GS:          Hi Sarah

SS:          Hi Georgie thank you for having me

GS:          You’re more than welcome than you very much for coming in. Let’s start with the basics here. We’ve heard the expression common law marriage. What does it mean it’s a bit of a misnomer isn’t it?

SS:          It is definitely there is no such thing as common law marriage. It’s a huge misconception amongst the public that really does need to be changed but I understand that one in four people actually believe that as cohabitants they have the same rights as married people which is just not the case at all.

GS:          Do you have any rights? A big question I know.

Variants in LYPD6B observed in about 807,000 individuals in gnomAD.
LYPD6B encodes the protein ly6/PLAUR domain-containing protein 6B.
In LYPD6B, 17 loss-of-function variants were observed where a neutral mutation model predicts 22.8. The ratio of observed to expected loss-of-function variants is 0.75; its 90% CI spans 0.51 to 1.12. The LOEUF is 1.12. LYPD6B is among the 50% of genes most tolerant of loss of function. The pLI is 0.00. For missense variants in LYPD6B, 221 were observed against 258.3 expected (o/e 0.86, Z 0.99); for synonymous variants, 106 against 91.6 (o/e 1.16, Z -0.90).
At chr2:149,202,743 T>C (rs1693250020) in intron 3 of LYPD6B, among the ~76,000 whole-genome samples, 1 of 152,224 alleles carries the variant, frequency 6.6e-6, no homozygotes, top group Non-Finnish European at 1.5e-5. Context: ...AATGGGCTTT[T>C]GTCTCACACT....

SS:          If you’re married or in a civil partnership you have statutory protection which gives the Court the power to redistribute assets in accordance with fairness and each party’s financial needs. Now in relation to cohabitants there is protection, it’s wrong to say there’s no protection whatsoever but the law in the area is very messy and complicated and it’s certainly in need of overhaul so if you and your partner are not married you are looking at separate and distinct areas of law depending on what you are looking to achieve. So for example if you are looking for an interest in a property that you lived in together you have to rely on a statute called the Trust of Land and Appointment of Trustees Act 1996 or if it’s in relation to an argument over money it might be a contract dispute so it’s much more a civil area of law than matrimonial and it isn’t dictated by fairness or need.